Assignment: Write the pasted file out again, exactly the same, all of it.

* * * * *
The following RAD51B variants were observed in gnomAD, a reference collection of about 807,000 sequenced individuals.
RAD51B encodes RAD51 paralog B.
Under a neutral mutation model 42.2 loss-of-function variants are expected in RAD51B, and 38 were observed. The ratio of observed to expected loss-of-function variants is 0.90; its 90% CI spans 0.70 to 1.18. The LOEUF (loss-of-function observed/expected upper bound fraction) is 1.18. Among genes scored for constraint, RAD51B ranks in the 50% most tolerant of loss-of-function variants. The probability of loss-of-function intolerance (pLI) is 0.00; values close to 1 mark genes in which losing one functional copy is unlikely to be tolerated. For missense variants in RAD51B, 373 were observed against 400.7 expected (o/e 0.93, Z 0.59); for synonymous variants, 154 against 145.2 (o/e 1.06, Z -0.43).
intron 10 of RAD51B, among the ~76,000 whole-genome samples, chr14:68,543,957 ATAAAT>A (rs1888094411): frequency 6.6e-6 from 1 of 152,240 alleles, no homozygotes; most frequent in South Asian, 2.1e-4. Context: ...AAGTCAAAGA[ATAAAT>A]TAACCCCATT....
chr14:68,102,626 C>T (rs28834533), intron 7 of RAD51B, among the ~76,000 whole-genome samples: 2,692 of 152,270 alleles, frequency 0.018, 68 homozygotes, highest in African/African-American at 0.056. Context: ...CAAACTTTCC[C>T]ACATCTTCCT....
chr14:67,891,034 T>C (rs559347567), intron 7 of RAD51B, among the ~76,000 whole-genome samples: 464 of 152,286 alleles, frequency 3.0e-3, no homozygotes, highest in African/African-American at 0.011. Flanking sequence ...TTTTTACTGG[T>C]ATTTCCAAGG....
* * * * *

The following RAD51B variants were observed in gnomAD, a reference collection of about 807,000 sequenced individuals.
RAD51B encodes RAD51 paralog B.
Under a neutral mutation model 42.2 loss-of-function variants are expected in RAD51B, and 38 were observed. The ratio of observed to expected loss-of-function variants is 0.90; its 90% CI spans 0.70 to 1.18. The LOEUF (loss-of-function observed/expected upper bound fraction) is 1.18. Among genes scored for constraint, RAD51B ranks in the 50% most tolerant of loss-of-function variants. The probability of loss-of-function intolerance (pLI) is 0.00; values close to 1 mark genes in which losing one functional copy is unlikely to be tolerated. For missense variants in RAD51B, 373 were observed against 400.7 expected (o/e 0.93, Z 0.59); for synonymous variants, 154 against 145.2 (o/e 1.06, Z -0.43).
intron 10 of RAD51B, among the ~76,000 whole-genome samples, chr14:68,543,957 ATAAAT>A (rs1888094411): frequency 6.6e-6 from 1 of 152,240 alleles, no homozygotes; most frequent in South Asian, 2.1e-4. Context: ...AAGTCAAAGA[ATAAAT>A]TAACCCCATT....
chr14:68,102,626 C>T (rs28834533), intron 7 of RAD51B, among the ~76,000 whole-genome samples: 2,692 of 152,270 alleles, frequency 0.018, 68 homozygotes, highest in African/African-American at 0.056. Context: ...CAAACTTTCC[C>T]ACATCTTCCT....
chr14:67,891,034 T>C (rs559347567), intron 7 of RAD51B, among the ~76,000 whole-genome samples: 464 of 152,286 alleles, frequency 3.0e-3, no homozygotes, highest in African/African-American at 0.011. Flanking sequence ...TTTTTACTGG[T>C]ATTTCCAAGG....